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Some of the biggest changes to Hampton Court took place when William III and Mary II came to the throne

Some of the biggest changes to Hampton Court took place when William III and Mary II came to the throne in 1689. They commissioned Sir Christopher Wren, the architect responsible for St. Paul’s Cathedral, to add a new section onto the Tudor palace. He designed a stunning Baroque addition on the east side of the palace which included dozens of new apartments and the beautiful Fountain Court. One of the most fascinating pieces of 17th century history at the palace is William III’s close stool, which is another name for his toilet. It is a bright red box with an open lid. At the top is the seat which is covered in crimson velvet, no doubt fit for the king. The toilet is still on display today in William’s State Apartments. Under William and Mary, many of the beautiful gardens we see today were designed and produced. Two of these were the Great Fountain Garden to the east which originally held 13 fountains, and the New Privy Garden to the south, which was a remodelled version of the Privy Garden designed for Henry VIII. Queen Anne had the ornate yew trees that decorate the Great Fountain Garden planted during her reign. William also decided that the Tiltyard was better suited to gardens and built the grandest kitchen gardens in Europe which produced all the fruits and vegetables for the palace for 150 years. Mary II had a passion for plants as well and collected exotic specimens from around the world, building the Orangery to display them. The unique maze at the north of the palace grounds was also supposedly planted during the late 17th century using hornbeam; today the 6 foot tall maze is made up of mostly yew and privet. The Great Vine that you can find on the southwest side of the palace was planted later in 1768 and still produces grapes you can purchase. When George I became king, he built dozens of new, striking apartments for his son, the eventual George II and his wife Princess Caroline near William III’s apartments. He also decided to spruce the palace up to compete with George and Caroline’s extravagant parties, and renovated the Tudor tennis court as a grand assembly room in 1718, as well as converted the Great Hall into a theatre; both of which have since returned to their original purposes. The last monarch to call Hampton Court home was George II. George and Caroline finished the work on their apartments and began new additions for the younger members of the royal family. Caroline also hired the famous Georgian architect and designer William Kent to decorate the Queen’s stairs. After Queen Caroline’s unfortunate death in 1737, the palace ceased to be used as a royal residence and instead became home to ‘grace and favour’ residents, many of whom were aristocratic widows provided with a place to live in recognition of their husband’s service. Hampton Court housed these residents until the 1960s when the custom ended, but even so, there are still a few elderly residents that live at the palace today! In 1838 Queen Victoria decided to open up Hampton Court to the public, starting the modern practice, and in 1851 she officially gave the palace to the British government. It was listed as a Grade 1 royal palace in 1952. Today the magical half Tudor, half Baroque palace is visited by millions of awestruck visitors each year, eager to explore the over 500 years of history of Henry VIII’s magnificent palace.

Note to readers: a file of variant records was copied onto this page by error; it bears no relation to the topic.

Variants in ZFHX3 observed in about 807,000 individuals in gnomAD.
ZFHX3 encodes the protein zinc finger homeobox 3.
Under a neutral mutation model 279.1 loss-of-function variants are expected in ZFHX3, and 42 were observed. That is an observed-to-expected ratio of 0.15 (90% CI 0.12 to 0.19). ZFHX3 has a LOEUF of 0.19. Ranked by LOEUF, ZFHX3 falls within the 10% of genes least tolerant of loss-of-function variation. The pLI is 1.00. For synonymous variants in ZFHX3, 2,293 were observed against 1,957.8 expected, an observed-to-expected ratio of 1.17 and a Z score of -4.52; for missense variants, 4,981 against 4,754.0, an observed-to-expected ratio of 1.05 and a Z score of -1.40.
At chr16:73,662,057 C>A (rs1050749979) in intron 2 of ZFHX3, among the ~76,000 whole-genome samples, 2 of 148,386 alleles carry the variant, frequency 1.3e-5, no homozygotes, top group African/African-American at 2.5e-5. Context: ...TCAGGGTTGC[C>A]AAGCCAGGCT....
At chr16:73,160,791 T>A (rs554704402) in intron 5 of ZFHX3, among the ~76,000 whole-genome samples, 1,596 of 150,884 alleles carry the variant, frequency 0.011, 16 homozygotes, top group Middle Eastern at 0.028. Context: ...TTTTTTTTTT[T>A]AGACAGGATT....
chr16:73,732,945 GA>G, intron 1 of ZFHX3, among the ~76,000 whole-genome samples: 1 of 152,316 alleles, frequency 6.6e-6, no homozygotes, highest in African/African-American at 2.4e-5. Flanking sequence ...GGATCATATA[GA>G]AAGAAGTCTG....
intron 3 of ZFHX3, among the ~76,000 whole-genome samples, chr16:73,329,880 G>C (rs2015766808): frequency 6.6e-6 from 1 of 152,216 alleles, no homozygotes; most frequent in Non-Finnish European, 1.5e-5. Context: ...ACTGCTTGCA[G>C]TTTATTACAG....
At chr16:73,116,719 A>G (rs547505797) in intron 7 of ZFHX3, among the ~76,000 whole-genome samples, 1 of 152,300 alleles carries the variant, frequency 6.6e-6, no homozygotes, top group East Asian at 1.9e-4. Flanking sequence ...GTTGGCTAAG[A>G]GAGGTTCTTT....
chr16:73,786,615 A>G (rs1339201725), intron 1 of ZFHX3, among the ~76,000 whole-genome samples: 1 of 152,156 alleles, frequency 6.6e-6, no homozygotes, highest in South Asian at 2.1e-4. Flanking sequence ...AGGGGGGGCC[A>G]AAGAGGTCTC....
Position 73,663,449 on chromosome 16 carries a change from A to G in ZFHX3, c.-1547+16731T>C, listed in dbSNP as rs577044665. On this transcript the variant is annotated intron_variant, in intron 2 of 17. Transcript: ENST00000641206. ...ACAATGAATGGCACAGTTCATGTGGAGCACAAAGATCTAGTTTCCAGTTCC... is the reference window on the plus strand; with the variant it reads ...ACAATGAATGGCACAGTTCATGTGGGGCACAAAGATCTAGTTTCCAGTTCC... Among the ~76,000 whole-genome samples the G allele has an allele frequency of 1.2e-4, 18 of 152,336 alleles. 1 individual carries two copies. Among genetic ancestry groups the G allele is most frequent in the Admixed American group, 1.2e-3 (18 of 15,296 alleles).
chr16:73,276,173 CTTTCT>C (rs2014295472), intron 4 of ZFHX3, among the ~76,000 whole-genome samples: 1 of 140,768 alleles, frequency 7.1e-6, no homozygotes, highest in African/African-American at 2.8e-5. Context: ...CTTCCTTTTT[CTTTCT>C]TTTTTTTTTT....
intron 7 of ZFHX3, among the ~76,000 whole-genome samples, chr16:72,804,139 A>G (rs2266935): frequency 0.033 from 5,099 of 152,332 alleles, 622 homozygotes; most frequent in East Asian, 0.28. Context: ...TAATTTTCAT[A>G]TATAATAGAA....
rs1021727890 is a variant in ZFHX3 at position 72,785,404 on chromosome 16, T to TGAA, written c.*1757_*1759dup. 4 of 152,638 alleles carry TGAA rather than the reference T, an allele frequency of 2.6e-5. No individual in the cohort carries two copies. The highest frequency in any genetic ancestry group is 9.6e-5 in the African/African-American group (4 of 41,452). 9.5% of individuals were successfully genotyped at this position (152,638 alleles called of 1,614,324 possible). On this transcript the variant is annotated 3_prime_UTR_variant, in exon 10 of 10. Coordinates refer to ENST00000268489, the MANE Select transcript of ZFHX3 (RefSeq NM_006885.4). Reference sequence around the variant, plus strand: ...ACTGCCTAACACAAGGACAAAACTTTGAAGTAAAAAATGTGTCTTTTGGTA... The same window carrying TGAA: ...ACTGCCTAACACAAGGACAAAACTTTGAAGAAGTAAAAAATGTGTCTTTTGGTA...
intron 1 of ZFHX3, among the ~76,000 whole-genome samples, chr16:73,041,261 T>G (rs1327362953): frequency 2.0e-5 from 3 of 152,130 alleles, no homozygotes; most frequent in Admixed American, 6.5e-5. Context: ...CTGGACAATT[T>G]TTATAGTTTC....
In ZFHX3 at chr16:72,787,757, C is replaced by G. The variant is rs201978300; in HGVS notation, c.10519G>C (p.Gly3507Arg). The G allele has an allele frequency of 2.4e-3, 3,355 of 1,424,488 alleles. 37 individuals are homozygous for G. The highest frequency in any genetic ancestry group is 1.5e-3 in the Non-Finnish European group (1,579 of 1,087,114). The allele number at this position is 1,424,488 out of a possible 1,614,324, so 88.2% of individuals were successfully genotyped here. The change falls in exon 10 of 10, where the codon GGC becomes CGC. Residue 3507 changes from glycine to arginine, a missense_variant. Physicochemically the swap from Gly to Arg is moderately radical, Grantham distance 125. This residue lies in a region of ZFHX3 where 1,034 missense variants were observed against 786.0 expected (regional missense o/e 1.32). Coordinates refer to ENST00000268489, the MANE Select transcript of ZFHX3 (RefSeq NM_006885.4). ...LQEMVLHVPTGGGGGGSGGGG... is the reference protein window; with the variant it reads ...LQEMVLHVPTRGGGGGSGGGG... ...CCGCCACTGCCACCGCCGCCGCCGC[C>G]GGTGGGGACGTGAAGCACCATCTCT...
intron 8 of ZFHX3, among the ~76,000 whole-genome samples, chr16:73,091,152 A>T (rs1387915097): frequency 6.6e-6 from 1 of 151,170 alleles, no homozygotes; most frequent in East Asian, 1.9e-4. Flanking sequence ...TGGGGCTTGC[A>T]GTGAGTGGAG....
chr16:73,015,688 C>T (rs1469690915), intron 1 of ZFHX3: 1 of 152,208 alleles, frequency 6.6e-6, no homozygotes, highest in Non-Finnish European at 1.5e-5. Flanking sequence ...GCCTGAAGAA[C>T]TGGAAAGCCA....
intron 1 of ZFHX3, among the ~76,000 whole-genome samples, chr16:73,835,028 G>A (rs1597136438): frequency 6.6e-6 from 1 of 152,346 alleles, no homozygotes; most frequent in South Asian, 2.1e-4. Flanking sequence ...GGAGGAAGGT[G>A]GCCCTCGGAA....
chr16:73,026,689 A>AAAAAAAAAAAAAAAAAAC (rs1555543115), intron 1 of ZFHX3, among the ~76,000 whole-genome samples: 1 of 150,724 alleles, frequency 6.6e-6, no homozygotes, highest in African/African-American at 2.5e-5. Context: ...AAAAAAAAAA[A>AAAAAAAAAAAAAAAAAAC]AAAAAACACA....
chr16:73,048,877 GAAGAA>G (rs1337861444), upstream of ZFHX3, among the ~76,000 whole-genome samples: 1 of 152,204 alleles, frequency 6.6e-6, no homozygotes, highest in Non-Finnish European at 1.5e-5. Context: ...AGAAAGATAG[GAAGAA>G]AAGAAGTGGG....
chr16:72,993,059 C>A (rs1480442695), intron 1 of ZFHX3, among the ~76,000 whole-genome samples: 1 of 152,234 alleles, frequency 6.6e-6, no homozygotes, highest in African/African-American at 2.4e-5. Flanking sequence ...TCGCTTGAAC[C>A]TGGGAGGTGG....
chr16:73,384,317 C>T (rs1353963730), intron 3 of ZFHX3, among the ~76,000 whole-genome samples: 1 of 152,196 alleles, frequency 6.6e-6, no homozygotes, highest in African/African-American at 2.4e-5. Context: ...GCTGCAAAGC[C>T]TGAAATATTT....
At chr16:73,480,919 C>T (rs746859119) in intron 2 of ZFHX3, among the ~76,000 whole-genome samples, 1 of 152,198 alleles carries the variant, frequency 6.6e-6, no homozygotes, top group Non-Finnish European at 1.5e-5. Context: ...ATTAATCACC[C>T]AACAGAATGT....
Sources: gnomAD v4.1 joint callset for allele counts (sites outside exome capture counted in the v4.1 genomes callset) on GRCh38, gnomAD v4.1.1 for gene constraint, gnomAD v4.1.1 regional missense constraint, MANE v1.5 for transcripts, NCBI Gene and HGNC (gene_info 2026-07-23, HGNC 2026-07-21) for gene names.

<strong>Hampton Court Palace: 500 Years of History</strong>
Hampton Court
<strong>Hampton Court Palace: 500 Years of History</strong>

Erin Fetterly

Hi everyone! I am a historian, researcher and writer with an MA in British history from Birkbeck, University of London. I am Canadian with a passion for London and history. My interest lies in Early Modern British history, especially Tudor, Georgian and Victorian, but I enjoy learning about anything since 1066. I love writing for The Historian’s Magazine because I can share amazing history stories with everyone and hopefully inspire others to take an interest in history. I would love to work in the history/media sector one day where I can produce and host shows about history and share history filled stories, treasures and sites with everyone! If you want to learn more about history and London with beautiful pictures and fun videos check out my Instagram account